Tuesday, April 17, 2007

Holocaust documentation

The weight of the Holocaust lies heavy on my shoulders, and the weight of the murdered Jews lies heavy on my soul.
After WWII the Allies established the innocuously named "International tracing service" in a small town in Germany called Bad Arolsen. It was put under the administratrion of the Intl. Red Cross. But, while not actually secret, access was restricted, and they used the legal excuse of not revealing personal information without documentation. This smacks of anti-Semitism to me, just as the Swiss Banks would not give out information to relatives of those who were murdered in the Holocaust without a death certificate. Only this year, after 62 years, have the archives been made available by the controlling countries to qualified organizations and individuals.
The Archives includes information from every camp that the Germans established throughout Europe, collected together by the Allies. Whereas after the war it was estimated that there were ca. 7,000 camps of various kinds (labor camps, concentration camps, death camps) it is now known that there were ca. 20,000 camps. The voluminous miles of Archives have folders on 17.5 million persons (!). They include anyone who was in any way investigated or arrested by the Germans, including Gypsies, homosexuals, political prisoners (Communists, Socialists) and many other nationalities as well as Jews, all this in only 12 years (1933-1945).
In the Archives are the "Totenbuch" or death books, listing those excecuted or murdered in many different ways in most of the camps. For example, it is revealed that on Hitler's birthday in 1943 in Matthausen Camp, a Jew was shot in the head every 2 mins for 24 hrs, as a present to the Fuhrer. That was 720 Jews murdered. This is not a general statement, but each of the names of the Jews is recorded in single spaced hand-written entries on one page, with the exact time he or she was "executed." This is the insanity of the German mind.
Towards the end of the war, when it became impossible to keep up with the rate of killings, the details were dispensed with. For example, hundreds of thousands of Hungarian Jews, who were transported to Auschwitz in 1945 were not registered. The Jews of Budapest were forced to march by road without food or drink the nearly 300 km to Auschwitz, and those who could not keep up were shot along the route. Noone knows how many were murdered in this way.
In other places there are also huge documentation centers that contain millions of entries of Holocaust material, including those taken from Europe after the war by the US Government, most of it stored in huge warehouses in Beltsville, Maryland, as well as at the National Archives in Washington DC. Then there are also the Holocaust Museum in Washington and Yad Vashem in Jerusalem. All these millions of pieces of paper contain stories that chill the blood.
In Auschwitz, which was a huge camp with thousands of German accomplices and hundreds of slave labor factories, it is recorded that ca. 1.6 million people were murdered, the vast majority of them Jews. In this camp it was possible to do anything to a Jew. One group of Lithuanian soldiers used to throw people from a sixth floor window and watch how they smashed to earth. Another German group liked to stand naked women up against a wall and shoot them in the genitals, while taking bets on their shooting accuracy. Even the Commandant of the Camp considered these activites excessive and obscene and the soldiers were punished, usually by being sent to the Eastern Front, and the "games" were banned.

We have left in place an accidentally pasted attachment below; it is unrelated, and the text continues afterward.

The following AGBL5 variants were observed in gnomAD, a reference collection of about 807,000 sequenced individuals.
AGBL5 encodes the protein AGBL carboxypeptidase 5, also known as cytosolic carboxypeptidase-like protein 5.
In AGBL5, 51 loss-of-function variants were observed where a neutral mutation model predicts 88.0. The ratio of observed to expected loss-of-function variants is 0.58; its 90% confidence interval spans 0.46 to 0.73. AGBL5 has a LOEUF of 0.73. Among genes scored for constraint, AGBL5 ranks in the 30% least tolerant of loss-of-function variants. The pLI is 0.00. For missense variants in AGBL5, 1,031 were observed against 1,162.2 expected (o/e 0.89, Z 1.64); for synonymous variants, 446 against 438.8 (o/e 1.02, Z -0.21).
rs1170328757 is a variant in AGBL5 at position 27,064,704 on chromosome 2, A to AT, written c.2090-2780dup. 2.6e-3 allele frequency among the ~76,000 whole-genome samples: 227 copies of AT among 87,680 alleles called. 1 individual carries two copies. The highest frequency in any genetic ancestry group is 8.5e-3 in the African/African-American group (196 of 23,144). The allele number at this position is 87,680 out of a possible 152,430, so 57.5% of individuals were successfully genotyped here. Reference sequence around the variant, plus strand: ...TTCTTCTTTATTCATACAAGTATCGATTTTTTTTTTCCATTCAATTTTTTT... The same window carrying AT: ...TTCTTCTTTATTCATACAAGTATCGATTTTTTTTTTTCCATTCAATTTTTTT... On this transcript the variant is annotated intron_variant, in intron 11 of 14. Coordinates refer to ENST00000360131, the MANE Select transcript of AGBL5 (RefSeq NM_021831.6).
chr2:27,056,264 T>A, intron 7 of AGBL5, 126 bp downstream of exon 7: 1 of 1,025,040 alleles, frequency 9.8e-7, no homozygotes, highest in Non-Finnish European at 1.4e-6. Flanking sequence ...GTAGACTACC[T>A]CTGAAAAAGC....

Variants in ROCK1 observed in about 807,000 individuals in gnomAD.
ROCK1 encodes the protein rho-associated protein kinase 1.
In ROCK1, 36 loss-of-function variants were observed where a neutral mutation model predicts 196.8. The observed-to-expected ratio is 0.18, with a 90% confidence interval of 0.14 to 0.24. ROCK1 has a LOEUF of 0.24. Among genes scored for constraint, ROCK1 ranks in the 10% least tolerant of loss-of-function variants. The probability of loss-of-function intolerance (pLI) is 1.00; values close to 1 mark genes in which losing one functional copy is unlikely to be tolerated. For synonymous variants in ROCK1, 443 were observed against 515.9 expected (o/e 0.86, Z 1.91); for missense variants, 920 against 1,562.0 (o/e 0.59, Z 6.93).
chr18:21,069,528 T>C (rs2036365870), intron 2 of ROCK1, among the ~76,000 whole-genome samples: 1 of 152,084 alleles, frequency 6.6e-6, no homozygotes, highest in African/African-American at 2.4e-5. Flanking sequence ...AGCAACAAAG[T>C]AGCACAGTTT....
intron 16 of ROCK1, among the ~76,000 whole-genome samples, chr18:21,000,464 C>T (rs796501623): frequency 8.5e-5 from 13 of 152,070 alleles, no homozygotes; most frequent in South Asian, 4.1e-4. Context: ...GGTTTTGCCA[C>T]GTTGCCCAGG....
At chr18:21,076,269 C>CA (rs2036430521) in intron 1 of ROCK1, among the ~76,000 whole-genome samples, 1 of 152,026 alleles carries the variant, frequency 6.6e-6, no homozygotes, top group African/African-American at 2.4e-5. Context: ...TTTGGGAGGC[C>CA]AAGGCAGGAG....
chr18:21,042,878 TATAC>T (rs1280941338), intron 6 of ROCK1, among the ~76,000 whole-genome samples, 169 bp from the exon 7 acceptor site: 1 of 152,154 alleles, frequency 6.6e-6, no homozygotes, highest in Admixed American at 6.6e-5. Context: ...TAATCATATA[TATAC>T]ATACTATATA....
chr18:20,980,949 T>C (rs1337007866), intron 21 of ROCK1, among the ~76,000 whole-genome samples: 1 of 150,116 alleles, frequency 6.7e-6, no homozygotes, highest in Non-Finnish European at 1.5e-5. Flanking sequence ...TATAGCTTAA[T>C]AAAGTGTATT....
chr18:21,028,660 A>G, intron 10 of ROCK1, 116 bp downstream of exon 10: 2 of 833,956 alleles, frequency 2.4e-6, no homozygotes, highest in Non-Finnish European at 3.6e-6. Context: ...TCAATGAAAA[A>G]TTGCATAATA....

In the Plaszow Camp near Krakow the sadistic Commandant Amon Goeth, as shown in the movie "Schindler's list," used to shoot Jews randomly from his bedroom window every morning. It was forbidden for Germans, especially SS, to have sex with Jews, but Goeth ignored this regulation, as well as stealing money from the camp for his own private uses. As a result he was arrested, tried and hung by the SS.
Within the SS there was discussion about what to do about the Jews of Great Britain (listed in the Wannsee document as 330,000) when they were captured. Should they establish a concentration camp in Britain or would it be more economical to transport them to the Continent to the camps already there, to Drancy in France or Westerbork in Holland, and from there to Auschwitz? Preliminary plans were drawn up to establish a transit camp between London and Cambridge, near the flat area called the Fens. But, (luckily for us) the British Jews were the only ones in Europe that remained beyond the reach of the Nazis (technically Switzerland, Sweden, Spain and Portugal were neutral, but there were very few Jews there).
I don't write this to reject the deniers of the Holocaust, there is more than enough evidence to convince any reasonable person . But, we must remember not only the deaths, but the savagery with which they were meted out, the suffering of starvation and the human degradation. In the Camp at Majdanek on Yom Kippur 1944, the starving Jews were lined up and offered bowls of nutricious soup. None of them stepped forward to eat the soup, even non-religious Jews showed their contempt for the Germans by refusing to eat.


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